Acquired: 2013 MLB Draft, 5th Round

ETA: 2022

2017 Stats: 66 G, .295/.360/.442, 56 H, 17 2B, 3 3B, 6 HR, 66 R, 36 RBI, 24 SB (Idaho Falls), 33 G, .208/.280/.274, 4 2B, 0 3B, 1 HR, 12 R, 11 RBI, 9 SB (Lexington)

This was a guy that I had high hopes for with the bat after the 2013 draft. The success has been minimal though, slashing .250/.322/.362 in 369 career minor league games, while not making it above Low-A. Take out his two stints in the hitters haven Idaho Falls and Fukofuka hasn’t hit at any stop. He has been overmatched by tons of pitchers, perhaps explained better by this interesting stat…

  • Amalani Fukofuka vs. Younger Pitchers: .312/.358/.457
  • Amalani Fukofuka vs. Older Pitchers: .237/.322/.346

He doesn’t do anything flashy with the bat, but I love the tools. He’s got some quick hands that were thought to maybe have produced a good contact and power bat. That hasn’t been the case, with Fukufuka striking out in 27.4% of his plate appearances and slugging .362 for his career. He has shown a decent eye though, owning an 8.6% walk rate.

Fukofuka can play all three outfield positions well. He’s got a pretty good feel in the field overall, showing an above-average arm with some great range, sometimes allowing him to make some improbable plays.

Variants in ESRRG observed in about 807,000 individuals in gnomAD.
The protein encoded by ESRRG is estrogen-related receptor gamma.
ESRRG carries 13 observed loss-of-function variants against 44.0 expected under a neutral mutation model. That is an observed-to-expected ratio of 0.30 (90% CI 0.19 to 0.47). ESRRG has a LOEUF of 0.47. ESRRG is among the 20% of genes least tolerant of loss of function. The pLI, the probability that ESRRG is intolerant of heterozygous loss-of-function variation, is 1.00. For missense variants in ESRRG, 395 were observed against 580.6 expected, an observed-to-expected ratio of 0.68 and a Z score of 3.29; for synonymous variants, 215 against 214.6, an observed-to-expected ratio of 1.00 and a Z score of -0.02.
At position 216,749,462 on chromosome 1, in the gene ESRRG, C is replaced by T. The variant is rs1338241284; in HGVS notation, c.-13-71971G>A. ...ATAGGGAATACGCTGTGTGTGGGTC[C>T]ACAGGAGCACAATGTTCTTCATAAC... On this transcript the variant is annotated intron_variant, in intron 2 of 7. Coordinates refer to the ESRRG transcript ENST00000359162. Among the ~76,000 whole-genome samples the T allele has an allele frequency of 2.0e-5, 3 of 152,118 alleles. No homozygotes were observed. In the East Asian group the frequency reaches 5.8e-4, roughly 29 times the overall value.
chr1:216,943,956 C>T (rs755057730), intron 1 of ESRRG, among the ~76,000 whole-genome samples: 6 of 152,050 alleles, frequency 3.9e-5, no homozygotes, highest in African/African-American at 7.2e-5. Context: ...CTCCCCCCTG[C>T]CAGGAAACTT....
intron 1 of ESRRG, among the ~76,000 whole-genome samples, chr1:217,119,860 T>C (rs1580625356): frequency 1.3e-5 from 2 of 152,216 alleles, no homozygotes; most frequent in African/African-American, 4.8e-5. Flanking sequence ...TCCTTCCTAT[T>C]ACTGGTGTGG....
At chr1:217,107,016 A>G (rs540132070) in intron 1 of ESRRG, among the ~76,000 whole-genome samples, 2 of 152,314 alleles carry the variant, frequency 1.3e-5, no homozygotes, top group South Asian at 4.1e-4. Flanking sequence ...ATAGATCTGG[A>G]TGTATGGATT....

Unless Fukofuka can make some adjustments to higher-level pitchers, he’ll be nothing more than organizational guy.

78. Matt Tenuta, LHP

DOB: 12/16/1993

B/T: L/L

Levels Played, 2017: A+ (Wilmington), AA (Northwest Arkansas)

Acquired: 2012 MLB Draft, 25th Round

ETA: 2018

2017 Stats: 17 G, 5.74 ERA, 5.04 FIP, 53.1 IP, 74 H, 38 R, 34 ER, 17 BB, 38 SO (Northwest Arkansas), 13 G, 1.57 ERA, 2.96 FIP, 34.1 IP, 28 H, 6 R, 6 ER, 13 BB, 40 SO (Wilmington)

The Royals 2012 25th round pick showed decent results as a starter in his first few minor league seasons. But after eight really rough starts in AA (29 runs in 33.2 innings, 6.7 K/9) and a really good season in the bullpen (15 runs in 54 innings, 8.8 K/9), Tenuta is probably best served to turn into a full-time reliever.

Tenuta features a low-90s fastball, a curveball that has some drop, a slurvy slider, and a flat changeup. The lack of a third offering probably solidifies his identity as a reliever. If he shows good results in the bullpen next year, presumably in Omaha, I wouldn’t count him out as a September call up.

77. Jordan Floyd, LHP

DOB: 02/23/1995

B/T: L/L

Levels Played, 2017: Rookie (AZL), Rookie (Burlington)

Acquired: 2017 MLB Draft, 10th Round